1 free tip for the TransLink mayors

April has seen continuing turmoil at TransLink, Metro Vancouver’s transportation authority, generating widespread coverage from mass media and from bloggers.

A root cause of TransLink’s financial and administrative problems, in the view of many, is the convoluted governance structure outlined in the authority’s Governance Manual and 2012 Base Plan.  This structure leaves the region’s mayors taking political heat but having little control.  Public and media blame the TransLink Mayors’ Council for the system’s failings,  but the council lacks even a dedicated staff person at the transit corporation’s offices.  Annual operating plans are devised by a Board, which is  appointed by a revolving Panel.  The mayors “review and provide input.”

The mayors are frustrated.  They want a different model of governance. They showed their frustration last week by exercising the one power they do have: they killed a supplementary funding and service plan they approved in late 2011, including promised new bus transit in Surrey.

An overhaul of the governance model would need changes to provincial legislation.  We already seem to be entering the pre-election period provincially, a time when institutional reorganization is likely to get a low priority.  This gives the mayors time to develop something like a consensus on what kind of change they want.  Perhaps they can present draft legislation, with rationale, to a transportation minister in the fall of 2013, along with evidence of widespread support.

We can assume they want genuine autonomy for the regional transportation authority, and an end to provincial micro-managing. They have to build in some protection for smaller municipalities in the decision-making process.  They’ll need to think hard about what levels of transparency and consultation are needed to earn and maintain public trust.

My one free tip for the mayors: start now. If you can’t get respect inside TransLink, go outside TransLink.  Recruit a cubicle from one of the city governments or Simon Fraser University.  Find someone with clean hands to start drafting a strategy.   Set up a rough-and-ready web page to receive public input.  Talk to transit-friendly groups. Talk to taxpayers.  Refine the strategy.  “Bring the public along,” as B.C. transportation minister Blair Lekstrom put it recently in a letter to the mayors.  The “public,” in this case, doesn’t have to be everybody; it’s whatever set of people is sufficient to persuade a provincial government to budge.   The issues at hand are clear: what does the next model of transportation governance look like.  Who should be in charge, and how are they accountable?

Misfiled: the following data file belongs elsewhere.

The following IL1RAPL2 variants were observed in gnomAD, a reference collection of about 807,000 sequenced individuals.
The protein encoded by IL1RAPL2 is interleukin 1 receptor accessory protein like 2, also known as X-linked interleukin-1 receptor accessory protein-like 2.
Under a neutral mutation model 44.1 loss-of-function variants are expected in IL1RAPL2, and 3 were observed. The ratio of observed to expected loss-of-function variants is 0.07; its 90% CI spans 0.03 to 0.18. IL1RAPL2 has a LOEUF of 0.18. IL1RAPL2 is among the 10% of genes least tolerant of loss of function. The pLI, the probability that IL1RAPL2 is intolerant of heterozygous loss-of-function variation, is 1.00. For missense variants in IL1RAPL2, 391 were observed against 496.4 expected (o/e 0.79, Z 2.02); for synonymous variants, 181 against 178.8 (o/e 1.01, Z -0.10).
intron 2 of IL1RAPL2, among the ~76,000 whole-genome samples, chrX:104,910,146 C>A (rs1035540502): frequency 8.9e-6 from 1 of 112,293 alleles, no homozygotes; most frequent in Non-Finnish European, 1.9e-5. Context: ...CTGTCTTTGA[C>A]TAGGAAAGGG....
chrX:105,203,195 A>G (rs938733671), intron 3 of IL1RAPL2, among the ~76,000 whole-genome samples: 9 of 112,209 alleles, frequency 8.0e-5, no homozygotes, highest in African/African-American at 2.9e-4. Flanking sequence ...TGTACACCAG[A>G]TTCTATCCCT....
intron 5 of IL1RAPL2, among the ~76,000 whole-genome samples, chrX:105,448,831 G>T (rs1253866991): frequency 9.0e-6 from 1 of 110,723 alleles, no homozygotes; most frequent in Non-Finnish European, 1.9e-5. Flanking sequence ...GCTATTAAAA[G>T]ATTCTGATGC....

2 responses

  1. It appears the opposite is true when it comes to the regional government structure, especially in regards to the Livable Region Strategy. Here, moats and drawbridges abound. If this type of behaviour in perpetuating fiefdoms continues, amalgamation may be the only logical solution. The same as every other major metropolitan region in this country.

    • Thanks, Tom. You raise a number of points. Adherence by municipal councils to the Livable Region Strategy (1994) was uneven, resulting in a dispersed employment pattern that is increasingly difficult to serve by transit. It’s notable that the biggest offenders are now the biggest complainers with regard to transit. But this is not an all-or-nothing proposition; there has also been growth around the town centres – not just in Surrey, but also at Willingdon, Lougheed Town and Coquitlam Central and other places; and there has been progress on transit.

      On amalgamation, one of my first posts, on September 6, 2011, pointed to the expert view that amalgamation will tend to raise costs rather than lower them. However, I agree that there is political pressure to amalgamate; most often, people talk about sub-regional groupings, so we would have a unified city in the Tri-Cities, or on the North Shore. In this regard, it’s interesting that just as I was posting this item on TransLink, an online report appeared from Global TV about a meeting of south-of-Fraser mayors to explore joint action. The report even mentioned the idea of a new south-of-Fraser regional district, separate from Metro Vancouver; that’s interesting, but as with proposed changes to TransLink governance, I would ask, what’s the mechanism for getting there, and how will the public be engaged?

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